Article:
by Kivi Leroux Miller
When I asked nonprofit communicators how they felt about 2011 for the Nonprofit Communications Trends Report, many of you said you were simply overwhelmed . . . with too much work, too many decisions, too many channels to manage, too many people to reach.
Making Your Job Less Overwhelming
It's one of my goals to make your job feel less overwhelming. That was my primary motivation for writing the book, The Nonprofit Marketing Guide: High-Impact, Low-Cost Ways to Build Support for Your Good Cause (Amazon link). It's meant to be a guide for getting a handle on your job, and many people have told me that it's really helped them find some focus and manage their workloads better.
Here are five more tools that will help you get organized, manage your workload, and communicate more clearly with others, all of which will go a long way toward helping you feel less overwhelmed.
1. The Marketing Bank
Your Marketing Bank is the single place where you keep all of your marketing stuff -- especially the stuff that you are frequently asked to give to others, like your logos, or your boilerplate text, or the latest stats on this or that. Lots of different kinds of files belong in your marketing bank.
I've created a special page about Marketing Banks at https://nonprofitmarketingguide.com/bank
Editorial calendars help you see the content you need to create over the next several days, week, and months, depending on how you use them. You can create them by channel (e.g., a calendar for your newsletter and another for Facebook), by audience (e.g., how we'll communicate with parents this month, versus communicating with teachers), or by program (e.g., so you see how different programs are included throughout your communications channels).
I've created a few sample editorial calendars in .doc format for you just so you can see how they work, but I personally recommend using something like Google calendars or a spreadsheet.
3. Editorial and Design Style Guides
Do you reinvent the wheel each time you create a new publication? Are you constantly making the same kinds of edits to drafts by others? Is your "look" an inconsistent mess? It's time for some style guides.
4. A Personal System for Keeping Track of Everything
I have yet to find the single perfect tool for keeping track of everything, but I do feel like I have a pretty good handle on my schedule, my to-dos, my delegation of work to my assistant, my content creation schedule, which blogs I want to track, etc. Here's how I do it.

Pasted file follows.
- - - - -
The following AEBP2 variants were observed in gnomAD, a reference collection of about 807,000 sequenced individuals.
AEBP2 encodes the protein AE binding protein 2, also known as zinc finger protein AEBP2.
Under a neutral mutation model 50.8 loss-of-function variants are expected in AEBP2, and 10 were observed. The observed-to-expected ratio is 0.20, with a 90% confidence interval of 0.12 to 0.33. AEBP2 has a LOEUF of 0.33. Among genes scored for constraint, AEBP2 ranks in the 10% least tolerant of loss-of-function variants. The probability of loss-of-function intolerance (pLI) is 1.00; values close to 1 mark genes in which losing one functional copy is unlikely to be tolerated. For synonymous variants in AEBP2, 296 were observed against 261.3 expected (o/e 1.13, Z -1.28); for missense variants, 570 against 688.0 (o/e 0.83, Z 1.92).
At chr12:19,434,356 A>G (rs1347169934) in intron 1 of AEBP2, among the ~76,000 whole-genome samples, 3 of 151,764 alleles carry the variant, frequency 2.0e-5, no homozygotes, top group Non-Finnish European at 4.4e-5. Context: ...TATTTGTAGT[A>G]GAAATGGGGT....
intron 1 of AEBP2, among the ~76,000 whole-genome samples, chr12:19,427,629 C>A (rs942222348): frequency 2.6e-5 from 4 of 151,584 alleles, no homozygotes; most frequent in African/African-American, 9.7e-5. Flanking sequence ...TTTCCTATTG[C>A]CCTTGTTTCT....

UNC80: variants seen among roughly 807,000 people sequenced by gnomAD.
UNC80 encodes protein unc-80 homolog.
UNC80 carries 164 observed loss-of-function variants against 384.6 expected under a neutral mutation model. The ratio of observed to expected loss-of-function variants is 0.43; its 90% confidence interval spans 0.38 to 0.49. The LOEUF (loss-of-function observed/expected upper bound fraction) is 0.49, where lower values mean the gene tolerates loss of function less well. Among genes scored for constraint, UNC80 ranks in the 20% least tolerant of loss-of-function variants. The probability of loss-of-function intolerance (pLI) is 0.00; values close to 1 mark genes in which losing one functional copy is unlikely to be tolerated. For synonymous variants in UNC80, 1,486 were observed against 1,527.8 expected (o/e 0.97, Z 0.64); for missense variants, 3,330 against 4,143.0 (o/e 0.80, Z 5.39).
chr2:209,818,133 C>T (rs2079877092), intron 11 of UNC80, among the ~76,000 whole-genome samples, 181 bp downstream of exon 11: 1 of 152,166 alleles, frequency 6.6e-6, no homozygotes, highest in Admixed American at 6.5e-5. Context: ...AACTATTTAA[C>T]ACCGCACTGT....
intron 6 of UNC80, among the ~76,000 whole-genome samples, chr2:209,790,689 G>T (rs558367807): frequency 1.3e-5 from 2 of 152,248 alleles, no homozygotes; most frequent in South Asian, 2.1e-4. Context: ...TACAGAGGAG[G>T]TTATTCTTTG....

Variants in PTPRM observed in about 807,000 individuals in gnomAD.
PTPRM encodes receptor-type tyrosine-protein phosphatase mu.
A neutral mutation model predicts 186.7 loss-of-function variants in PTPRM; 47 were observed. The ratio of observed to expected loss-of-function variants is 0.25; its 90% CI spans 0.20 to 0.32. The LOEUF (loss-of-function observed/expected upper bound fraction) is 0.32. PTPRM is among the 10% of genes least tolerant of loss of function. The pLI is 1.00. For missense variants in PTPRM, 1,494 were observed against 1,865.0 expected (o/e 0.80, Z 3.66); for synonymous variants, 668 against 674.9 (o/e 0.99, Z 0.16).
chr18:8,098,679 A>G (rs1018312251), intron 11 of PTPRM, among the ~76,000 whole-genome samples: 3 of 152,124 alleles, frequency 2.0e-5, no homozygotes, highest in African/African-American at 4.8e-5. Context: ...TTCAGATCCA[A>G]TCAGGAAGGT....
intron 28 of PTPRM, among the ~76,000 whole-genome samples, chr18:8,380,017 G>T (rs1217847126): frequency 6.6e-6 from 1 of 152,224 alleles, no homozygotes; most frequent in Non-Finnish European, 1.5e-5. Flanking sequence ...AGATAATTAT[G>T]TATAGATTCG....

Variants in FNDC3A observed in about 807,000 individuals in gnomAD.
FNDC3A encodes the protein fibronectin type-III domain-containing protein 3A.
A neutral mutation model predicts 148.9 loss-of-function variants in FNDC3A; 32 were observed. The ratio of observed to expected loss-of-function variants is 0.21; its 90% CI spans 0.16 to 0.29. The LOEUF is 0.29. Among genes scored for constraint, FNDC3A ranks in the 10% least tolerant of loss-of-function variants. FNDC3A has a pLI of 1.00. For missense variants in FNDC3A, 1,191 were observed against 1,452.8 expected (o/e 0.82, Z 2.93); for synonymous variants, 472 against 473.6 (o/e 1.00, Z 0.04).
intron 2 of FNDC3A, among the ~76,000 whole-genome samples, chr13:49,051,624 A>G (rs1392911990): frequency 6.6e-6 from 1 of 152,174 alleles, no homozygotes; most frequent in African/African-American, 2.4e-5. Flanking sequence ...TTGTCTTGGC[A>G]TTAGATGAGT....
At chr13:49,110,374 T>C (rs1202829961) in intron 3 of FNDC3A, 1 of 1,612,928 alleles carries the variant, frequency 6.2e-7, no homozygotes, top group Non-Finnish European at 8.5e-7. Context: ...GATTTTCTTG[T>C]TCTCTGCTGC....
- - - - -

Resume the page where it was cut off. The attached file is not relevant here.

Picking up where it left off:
5. Affordable, Convenient Skill Building
I've taken several informal polls of nonprofit marketers, asking them how much time they give themselves each week to read up on what other nonprofits are doing via the nonprofit marketing and fundraising blogosphere, or other favorite sources. Most people say less than an hour a week. That's not only a shame from a personal development point of view, but it's also a shame for your organization.
It probably means you aren't working nearly as smart as you could be. We are very lucky in the nonprofit marketing and fundraising world to have a very robust, open community of nonprofits, consultants and vendors who share lots of great stories, case studies, and best practices with each other. You need to make time to learn from them, and to use that to build your own skills.
You've found us here at Nonprofit Marketing Guide, which is a fabulous first step! 🙂
But . . . there's more. Much more. Do what you can to stay up with what's happening. You'll do a much better job and make much smarter decisions.
For example, start with some of these blogs I follow regularly and see if you should be following them too.
Of course, the All-Access Pass to our webinar series is another great way to keep up and to develop your skills. See why your fellow nonprofit marketers love their All-Access Passes.
You care about your organization. Don't burn out. Take the time to make your workload less overwhelming by using these tools.
This article first appeared in the April 12, 2011 edition of Nonprofit Marketing Tips, our weekly e-newsletter.